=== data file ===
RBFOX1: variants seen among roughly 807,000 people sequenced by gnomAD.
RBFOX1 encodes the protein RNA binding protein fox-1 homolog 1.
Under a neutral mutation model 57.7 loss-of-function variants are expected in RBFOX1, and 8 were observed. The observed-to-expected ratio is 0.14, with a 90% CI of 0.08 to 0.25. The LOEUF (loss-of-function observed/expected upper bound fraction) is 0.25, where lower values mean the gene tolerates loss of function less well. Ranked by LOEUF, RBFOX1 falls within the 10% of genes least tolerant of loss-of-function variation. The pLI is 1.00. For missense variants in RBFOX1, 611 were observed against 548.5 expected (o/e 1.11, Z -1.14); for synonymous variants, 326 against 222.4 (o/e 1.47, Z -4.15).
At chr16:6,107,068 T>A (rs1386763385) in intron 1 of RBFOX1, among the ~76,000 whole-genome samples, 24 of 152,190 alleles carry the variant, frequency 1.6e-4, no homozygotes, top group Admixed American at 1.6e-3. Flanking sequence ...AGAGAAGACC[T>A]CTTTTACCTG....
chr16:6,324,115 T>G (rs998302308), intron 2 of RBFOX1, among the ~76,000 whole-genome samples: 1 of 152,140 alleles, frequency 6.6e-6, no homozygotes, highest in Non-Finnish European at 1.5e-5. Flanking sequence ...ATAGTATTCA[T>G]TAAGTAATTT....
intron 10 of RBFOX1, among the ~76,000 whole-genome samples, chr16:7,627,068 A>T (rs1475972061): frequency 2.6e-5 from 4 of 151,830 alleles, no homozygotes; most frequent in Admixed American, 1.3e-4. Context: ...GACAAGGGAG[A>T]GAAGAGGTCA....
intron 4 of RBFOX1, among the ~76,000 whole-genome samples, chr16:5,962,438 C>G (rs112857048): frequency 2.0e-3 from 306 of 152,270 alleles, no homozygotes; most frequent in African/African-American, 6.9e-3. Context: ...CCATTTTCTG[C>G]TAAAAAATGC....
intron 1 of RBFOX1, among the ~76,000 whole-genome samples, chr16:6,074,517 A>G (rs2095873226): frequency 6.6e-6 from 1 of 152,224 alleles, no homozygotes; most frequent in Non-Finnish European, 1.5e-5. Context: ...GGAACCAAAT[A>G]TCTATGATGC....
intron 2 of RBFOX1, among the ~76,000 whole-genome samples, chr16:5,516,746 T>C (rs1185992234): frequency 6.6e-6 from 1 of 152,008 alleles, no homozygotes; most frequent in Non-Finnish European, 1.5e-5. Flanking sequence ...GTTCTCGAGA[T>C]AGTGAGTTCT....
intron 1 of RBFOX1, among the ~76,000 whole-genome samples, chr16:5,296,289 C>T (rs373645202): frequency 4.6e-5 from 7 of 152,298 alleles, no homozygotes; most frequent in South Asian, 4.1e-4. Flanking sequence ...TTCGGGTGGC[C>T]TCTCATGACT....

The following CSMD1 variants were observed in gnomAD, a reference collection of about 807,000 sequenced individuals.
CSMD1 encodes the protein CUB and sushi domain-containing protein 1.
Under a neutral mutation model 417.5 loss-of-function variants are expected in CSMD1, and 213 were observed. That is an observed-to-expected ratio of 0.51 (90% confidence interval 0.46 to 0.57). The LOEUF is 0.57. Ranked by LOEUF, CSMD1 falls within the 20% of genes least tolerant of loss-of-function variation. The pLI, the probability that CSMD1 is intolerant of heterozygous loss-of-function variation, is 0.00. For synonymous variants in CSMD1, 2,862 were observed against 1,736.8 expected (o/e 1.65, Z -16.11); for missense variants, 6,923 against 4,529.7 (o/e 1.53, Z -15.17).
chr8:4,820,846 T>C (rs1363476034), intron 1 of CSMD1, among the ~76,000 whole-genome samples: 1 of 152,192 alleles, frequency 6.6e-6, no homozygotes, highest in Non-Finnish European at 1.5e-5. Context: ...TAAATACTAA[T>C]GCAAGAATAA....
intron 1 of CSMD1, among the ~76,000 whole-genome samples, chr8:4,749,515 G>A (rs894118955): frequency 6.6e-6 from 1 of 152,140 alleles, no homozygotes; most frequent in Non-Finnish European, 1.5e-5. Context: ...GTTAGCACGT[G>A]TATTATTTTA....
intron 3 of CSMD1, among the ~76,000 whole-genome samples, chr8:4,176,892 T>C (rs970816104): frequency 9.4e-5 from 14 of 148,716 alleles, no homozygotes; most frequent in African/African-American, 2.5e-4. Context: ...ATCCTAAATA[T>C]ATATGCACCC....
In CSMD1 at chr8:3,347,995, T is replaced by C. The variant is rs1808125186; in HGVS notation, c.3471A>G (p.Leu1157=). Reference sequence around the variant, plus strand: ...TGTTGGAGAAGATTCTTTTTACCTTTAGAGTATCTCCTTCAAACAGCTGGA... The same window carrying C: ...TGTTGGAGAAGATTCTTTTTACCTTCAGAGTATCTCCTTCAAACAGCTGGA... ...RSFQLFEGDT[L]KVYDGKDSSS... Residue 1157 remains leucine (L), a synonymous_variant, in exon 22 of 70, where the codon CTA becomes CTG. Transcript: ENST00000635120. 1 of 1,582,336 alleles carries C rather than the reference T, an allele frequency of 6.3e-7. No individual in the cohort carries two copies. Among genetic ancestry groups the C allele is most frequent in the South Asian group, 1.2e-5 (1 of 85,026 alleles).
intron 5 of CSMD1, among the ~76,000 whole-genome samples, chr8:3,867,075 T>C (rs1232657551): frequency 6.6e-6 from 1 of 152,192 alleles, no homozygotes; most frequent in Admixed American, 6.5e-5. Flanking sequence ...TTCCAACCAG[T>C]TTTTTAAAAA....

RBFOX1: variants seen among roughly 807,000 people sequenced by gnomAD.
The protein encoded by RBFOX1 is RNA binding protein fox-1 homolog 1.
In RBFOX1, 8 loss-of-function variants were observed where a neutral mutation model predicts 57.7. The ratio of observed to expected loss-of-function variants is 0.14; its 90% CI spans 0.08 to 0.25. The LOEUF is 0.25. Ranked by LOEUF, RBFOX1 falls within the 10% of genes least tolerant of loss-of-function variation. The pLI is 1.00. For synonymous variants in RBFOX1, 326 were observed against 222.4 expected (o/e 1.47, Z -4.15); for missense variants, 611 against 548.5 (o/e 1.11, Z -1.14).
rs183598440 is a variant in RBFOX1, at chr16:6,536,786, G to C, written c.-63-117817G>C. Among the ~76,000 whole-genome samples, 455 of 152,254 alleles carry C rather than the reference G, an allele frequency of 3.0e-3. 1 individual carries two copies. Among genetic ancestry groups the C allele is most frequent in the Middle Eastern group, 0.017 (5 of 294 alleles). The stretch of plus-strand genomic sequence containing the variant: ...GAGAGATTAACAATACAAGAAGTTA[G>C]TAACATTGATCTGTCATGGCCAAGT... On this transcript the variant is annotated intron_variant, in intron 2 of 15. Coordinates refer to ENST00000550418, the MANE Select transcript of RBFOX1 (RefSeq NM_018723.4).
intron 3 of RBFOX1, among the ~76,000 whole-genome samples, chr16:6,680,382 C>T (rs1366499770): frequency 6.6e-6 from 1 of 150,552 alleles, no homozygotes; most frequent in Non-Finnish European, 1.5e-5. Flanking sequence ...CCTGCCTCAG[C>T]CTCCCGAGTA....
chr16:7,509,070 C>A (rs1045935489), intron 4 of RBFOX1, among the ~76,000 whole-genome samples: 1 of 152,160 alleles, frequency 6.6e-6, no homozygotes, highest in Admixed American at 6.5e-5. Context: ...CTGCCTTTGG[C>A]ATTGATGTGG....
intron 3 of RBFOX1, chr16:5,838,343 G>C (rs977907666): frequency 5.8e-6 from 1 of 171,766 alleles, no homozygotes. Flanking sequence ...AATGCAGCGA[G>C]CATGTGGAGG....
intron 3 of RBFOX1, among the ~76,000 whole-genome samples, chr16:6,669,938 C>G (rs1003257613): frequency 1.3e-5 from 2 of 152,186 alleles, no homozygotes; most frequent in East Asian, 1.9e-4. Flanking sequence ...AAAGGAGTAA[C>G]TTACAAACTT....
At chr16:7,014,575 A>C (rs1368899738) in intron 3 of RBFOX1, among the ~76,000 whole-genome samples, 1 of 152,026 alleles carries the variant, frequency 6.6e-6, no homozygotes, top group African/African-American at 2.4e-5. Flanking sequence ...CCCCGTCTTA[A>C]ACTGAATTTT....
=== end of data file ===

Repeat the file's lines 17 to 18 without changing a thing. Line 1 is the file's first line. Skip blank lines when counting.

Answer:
In CSMD1 at chr8:3,347,995, T is replaced by C. The variant is rs1808125186; in HGVS notation, c.3471A>G (p.Leu1157=). Reference sequence around the variant, plus strand: ...TGTTGGAGAAGATTCTTTTTACCTTTAGAGTATCTCCTTCAAACAGCTGGA... The same window carrying C: ...TGTTGGAGAAGATTCTTTTTACCTTCAGAGTATCTCCTTCAAACAGCTGGA... ...RSFQLFEGDT[L]KVYDGKDSSS... Residue 1157 remains leucine (L), a synonymous_variant, in exon 22 of 70, where the codon CTA becomes CTG. Transcript: ENST00000635120. 1 of 1,582,336 alleles carries C rather than the reference T, an allele frequency of 6.3e-7. No individual in the cohort carries two copies. Among genetic ancestry groups the C allele is most frequent in the South Asian group, 1.2e-5 (1 of 85,026 alleles).
intron 5 of CSMD1, among the ~76,000 whole-genome samples, chr8:3,867,075 T>C (rs1232657551): frequency 6.6e-6 from 1 of 152,192 alleles, no homozygotes; most frequent in Admixed American, 6.5e-5. Flanking sequence ...TTCCAACCAG[T>C]TTTTTAAAAA....